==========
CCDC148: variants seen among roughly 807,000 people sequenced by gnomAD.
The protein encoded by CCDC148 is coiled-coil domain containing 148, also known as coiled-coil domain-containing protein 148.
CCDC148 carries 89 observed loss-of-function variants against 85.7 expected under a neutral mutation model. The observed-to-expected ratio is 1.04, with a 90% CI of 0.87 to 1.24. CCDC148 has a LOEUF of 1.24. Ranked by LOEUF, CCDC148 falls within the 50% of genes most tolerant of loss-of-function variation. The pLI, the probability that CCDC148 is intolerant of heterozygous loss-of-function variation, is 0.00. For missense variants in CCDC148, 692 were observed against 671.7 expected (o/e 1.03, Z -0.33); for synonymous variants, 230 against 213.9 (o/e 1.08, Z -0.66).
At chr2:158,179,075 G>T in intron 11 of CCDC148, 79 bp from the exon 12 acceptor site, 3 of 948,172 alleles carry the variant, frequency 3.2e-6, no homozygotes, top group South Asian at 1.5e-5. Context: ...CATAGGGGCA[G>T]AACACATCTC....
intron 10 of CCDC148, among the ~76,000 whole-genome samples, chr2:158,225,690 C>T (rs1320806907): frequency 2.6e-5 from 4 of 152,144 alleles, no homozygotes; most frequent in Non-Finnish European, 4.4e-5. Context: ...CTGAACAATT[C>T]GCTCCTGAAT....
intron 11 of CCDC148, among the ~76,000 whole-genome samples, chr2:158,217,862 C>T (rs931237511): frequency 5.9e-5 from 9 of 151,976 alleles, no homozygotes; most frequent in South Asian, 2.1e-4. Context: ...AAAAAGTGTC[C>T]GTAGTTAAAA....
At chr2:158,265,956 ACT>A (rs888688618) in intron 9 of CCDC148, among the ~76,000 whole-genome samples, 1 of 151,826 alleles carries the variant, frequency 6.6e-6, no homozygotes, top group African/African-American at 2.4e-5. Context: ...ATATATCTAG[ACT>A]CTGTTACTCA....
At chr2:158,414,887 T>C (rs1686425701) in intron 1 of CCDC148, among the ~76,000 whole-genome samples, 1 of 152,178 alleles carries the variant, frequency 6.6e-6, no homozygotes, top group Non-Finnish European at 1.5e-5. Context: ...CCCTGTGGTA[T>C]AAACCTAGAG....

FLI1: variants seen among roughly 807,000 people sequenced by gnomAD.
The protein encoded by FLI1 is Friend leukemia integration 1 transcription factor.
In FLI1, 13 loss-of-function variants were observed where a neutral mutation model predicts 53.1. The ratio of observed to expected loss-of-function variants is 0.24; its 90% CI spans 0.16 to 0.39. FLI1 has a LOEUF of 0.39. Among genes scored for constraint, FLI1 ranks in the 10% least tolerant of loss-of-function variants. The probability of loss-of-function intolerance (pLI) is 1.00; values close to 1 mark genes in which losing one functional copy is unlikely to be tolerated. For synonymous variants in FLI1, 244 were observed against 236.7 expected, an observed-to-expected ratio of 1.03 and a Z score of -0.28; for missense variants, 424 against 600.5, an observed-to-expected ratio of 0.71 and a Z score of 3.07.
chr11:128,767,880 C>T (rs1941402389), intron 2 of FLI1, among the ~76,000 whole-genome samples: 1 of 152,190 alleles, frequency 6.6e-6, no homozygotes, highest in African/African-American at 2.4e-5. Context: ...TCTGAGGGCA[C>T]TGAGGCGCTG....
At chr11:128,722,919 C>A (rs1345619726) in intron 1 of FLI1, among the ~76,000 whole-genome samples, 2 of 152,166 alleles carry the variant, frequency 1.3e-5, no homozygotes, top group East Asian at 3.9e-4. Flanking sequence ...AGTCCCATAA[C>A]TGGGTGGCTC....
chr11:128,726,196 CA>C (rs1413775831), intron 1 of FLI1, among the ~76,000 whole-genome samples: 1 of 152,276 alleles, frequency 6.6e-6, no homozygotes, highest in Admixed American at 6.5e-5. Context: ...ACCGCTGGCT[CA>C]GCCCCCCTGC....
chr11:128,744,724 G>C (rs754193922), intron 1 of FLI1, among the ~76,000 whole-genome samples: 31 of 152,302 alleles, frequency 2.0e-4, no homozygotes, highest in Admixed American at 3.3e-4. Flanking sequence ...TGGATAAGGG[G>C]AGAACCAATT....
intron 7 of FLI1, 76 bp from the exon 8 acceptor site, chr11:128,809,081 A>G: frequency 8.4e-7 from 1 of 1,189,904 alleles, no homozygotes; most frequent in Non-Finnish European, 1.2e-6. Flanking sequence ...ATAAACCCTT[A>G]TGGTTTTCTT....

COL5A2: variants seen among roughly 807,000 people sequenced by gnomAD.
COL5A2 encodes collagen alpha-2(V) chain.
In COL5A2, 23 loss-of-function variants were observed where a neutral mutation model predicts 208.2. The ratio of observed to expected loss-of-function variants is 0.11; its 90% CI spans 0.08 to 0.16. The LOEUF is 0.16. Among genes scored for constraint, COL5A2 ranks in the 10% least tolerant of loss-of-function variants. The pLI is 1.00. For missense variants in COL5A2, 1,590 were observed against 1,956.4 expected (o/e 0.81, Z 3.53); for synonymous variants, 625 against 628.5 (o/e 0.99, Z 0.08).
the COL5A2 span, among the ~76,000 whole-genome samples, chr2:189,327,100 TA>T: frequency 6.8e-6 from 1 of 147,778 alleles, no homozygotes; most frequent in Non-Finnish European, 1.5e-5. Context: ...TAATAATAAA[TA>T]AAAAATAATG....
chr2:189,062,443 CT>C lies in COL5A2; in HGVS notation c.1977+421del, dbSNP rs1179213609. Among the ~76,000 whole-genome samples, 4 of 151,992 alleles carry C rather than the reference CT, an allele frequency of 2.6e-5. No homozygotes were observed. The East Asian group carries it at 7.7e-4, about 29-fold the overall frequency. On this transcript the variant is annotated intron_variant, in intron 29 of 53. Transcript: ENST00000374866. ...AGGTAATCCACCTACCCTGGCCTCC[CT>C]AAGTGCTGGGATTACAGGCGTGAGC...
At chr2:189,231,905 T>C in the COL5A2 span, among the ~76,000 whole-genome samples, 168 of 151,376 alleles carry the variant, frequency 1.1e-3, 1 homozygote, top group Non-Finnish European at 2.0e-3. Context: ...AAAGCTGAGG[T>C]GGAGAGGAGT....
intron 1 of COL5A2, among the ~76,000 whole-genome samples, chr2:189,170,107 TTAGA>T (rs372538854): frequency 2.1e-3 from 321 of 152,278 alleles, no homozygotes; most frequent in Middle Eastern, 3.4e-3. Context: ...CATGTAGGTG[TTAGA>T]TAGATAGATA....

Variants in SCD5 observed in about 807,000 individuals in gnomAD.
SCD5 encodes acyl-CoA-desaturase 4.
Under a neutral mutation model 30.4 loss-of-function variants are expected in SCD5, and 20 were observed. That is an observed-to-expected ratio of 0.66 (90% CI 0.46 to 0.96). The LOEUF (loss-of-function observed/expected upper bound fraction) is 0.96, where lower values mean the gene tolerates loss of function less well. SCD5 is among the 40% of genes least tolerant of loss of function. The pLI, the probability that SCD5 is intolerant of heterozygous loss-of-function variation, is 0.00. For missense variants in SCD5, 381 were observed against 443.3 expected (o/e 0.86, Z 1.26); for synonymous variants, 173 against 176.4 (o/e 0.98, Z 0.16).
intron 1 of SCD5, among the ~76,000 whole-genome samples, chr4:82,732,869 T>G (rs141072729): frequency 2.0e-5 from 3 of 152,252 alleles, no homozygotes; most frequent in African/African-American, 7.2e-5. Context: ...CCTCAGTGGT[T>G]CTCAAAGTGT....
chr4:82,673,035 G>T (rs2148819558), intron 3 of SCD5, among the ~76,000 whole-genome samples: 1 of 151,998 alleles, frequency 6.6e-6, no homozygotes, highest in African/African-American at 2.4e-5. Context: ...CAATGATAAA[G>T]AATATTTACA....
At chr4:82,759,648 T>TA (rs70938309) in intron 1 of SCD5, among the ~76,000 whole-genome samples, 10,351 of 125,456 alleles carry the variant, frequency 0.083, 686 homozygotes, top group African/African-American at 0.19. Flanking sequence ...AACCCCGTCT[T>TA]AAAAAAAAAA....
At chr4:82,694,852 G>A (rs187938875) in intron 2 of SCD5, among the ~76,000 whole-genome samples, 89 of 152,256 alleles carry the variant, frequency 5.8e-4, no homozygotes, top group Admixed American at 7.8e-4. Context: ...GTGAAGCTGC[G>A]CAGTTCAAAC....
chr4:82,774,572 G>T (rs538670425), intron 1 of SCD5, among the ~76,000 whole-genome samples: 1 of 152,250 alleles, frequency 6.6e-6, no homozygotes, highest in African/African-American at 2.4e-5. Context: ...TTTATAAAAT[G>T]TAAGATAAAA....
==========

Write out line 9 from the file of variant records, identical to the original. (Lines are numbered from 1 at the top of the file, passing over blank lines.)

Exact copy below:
FLI1: variants seen among roughly 807,000 people sequenced by gnomAD.